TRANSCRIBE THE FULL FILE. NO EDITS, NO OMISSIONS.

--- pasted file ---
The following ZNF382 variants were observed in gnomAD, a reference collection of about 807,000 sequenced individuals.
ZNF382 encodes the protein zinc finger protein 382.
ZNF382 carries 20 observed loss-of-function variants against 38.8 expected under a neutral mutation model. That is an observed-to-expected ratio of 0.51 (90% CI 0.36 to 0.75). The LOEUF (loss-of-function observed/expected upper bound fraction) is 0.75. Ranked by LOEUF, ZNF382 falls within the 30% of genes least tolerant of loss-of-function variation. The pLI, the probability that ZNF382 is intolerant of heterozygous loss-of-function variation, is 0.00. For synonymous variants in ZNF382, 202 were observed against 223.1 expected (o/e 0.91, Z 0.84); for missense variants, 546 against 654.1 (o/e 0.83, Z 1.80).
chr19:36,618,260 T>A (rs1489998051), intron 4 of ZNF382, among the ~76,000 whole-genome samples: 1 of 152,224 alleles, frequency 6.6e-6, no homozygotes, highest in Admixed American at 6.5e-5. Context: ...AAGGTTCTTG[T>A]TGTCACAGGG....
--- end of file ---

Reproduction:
The following ZNF382 variants were observed in gnomAD, a reference collection of about 807,000 sequenced individuals.
ZNF382 encodes the protein zinc finger protein 382.
ZNF382 carries 20 observed loss-of-function variants against 38.8 expected under a neutral mutation model. That is an observed-to-expected ratio of 0.51 (90% CI 0.36 to 0.75). The LOEUF (loss-of-function observed/expected upper bound fraction) is 0.75. Ranked by LOEUF, ZNF382 falls within the 30% of genes least tolerant of loss-of-function variation. The pLI, the probability that ZNF382 is intolerant of heterozygous loss-of-function variation, is 0.00. For synonymous variants in ZNF382, 202 were observed against 223.1 expected (o/e 0.91, Z 0.84); for missense variants, 546 against 654.1 (o/e 0.83, Z 1.80).
chr19:36,618,260 T>A (rs1489998051), intron 4 of ZNF382, among the ~76,000 whole-genome samples: 1 of 152,224 alleles, frequency 6.6e-6, no homozygotes, highest in Admixed American at 6.5e-5. Context: ...AAGGTTCTTG[T>A]TGTCACAGGG....